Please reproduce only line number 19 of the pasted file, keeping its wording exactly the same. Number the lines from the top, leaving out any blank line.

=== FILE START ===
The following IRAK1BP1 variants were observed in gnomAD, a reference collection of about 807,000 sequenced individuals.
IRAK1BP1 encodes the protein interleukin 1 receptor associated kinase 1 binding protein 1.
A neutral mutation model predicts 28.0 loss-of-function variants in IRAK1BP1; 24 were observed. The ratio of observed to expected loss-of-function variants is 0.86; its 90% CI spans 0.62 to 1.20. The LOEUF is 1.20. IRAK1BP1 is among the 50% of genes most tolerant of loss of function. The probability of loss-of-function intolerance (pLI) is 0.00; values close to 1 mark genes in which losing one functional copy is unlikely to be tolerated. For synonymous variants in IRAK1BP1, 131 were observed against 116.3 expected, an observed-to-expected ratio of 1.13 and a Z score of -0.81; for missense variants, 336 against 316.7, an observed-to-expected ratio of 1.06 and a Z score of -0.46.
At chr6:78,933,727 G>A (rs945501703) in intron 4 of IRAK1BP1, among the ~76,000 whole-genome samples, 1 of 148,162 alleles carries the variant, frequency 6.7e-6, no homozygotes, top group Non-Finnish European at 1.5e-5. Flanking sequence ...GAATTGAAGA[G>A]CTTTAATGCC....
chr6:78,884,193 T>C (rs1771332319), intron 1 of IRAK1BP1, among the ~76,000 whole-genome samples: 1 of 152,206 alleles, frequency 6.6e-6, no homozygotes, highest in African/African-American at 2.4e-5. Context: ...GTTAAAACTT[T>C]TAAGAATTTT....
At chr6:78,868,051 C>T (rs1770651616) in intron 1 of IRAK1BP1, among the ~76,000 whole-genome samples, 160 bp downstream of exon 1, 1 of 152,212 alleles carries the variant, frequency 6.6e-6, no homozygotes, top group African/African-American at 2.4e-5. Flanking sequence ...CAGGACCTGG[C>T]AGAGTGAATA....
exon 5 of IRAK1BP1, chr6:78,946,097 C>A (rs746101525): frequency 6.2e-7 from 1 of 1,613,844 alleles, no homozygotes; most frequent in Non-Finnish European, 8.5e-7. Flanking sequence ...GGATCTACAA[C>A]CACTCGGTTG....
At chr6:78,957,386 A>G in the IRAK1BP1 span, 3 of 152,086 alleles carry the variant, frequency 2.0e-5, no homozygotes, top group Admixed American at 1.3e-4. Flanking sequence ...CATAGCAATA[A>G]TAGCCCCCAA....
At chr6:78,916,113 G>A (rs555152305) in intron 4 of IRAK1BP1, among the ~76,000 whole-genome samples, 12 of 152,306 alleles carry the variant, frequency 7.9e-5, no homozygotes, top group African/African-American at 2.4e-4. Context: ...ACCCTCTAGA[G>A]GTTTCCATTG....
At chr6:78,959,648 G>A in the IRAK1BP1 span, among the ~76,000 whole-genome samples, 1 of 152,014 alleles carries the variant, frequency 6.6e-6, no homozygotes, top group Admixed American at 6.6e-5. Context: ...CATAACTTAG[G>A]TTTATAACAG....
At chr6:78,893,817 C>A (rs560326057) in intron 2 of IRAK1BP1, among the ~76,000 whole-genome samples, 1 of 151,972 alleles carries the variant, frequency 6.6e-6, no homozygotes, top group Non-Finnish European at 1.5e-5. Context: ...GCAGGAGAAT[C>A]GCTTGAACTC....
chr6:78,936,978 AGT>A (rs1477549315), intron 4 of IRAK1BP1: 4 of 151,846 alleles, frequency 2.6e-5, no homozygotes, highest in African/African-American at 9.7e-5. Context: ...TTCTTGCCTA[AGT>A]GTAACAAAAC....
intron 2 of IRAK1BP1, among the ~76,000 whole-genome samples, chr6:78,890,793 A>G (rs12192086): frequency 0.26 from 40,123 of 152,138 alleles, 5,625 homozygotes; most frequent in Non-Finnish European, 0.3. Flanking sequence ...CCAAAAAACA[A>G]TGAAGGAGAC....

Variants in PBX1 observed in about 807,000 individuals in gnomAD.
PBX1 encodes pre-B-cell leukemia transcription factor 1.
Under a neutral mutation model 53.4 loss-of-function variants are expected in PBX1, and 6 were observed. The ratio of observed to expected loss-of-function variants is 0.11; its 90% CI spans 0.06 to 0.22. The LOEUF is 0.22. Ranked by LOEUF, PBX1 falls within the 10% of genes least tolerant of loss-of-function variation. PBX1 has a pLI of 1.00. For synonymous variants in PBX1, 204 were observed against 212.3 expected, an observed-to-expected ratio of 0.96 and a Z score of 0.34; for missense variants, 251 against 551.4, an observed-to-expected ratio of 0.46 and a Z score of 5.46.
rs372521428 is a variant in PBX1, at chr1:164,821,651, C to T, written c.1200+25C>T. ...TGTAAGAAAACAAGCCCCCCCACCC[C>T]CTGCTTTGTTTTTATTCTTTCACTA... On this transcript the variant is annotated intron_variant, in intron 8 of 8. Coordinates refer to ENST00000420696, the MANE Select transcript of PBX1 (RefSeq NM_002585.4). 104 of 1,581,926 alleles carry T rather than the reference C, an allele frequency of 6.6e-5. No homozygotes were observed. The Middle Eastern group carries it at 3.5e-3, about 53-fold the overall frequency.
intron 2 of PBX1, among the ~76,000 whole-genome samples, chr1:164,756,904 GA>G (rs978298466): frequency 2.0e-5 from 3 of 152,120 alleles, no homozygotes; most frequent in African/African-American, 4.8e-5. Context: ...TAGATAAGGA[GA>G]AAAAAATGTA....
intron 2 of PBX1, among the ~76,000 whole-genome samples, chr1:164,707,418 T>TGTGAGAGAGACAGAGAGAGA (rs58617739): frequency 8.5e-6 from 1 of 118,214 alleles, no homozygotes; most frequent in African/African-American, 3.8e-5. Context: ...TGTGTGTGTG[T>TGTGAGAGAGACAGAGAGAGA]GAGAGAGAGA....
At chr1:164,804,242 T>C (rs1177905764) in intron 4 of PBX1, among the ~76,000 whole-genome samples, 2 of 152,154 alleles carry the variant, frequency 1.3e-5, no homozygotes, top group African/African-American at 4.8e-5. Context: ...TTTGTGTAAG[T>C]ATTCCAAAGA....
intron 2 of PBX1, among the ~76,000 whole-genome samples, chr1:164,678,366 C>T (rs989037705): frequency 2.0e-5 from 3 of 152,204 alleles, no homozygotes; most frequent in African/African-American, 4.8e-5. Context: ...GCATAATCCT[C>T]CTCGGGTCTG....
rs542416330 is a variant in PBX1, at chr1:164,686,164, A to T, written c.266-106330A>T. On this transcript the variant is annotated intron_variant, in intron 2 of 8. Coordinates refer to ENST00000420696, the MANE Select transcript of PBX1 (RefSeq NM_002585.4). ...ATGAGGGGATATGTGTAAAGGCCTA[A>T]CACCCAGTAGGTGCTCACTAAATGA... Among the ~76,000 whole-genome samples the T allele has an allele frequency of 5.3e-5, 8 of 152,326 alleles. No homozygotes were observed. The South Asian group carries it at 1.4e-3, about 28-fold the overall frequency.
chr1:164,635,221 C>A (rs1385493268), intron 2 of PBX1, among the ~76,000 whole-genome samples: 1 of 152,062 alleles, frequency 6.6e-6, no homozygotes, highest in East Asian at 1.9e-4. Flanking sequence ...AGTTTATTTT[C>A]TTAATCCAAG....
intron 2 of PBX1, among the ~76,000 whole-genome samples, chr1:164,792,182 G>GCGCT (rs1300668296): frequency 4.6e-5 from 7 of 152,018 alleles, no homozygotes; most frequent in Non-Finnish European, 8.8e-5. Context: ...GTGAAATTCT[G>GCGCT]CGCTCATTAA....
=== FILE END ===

intron 2 of PBX1, among the ~76,000 whole-genome samples, chr1:164,707,418 T>TGTGAGAGAGACAGAGAGAGA (rs58617739): frequency 8.5e-6 from 1 of 118,214 alleles, no homozygotes; most frequent in African/African-American, 3.8e-5. Context: ...TGTGTGTGTG[T>TGTGAGAGAGACAGAGAGAGA]GAGAGAGAGA....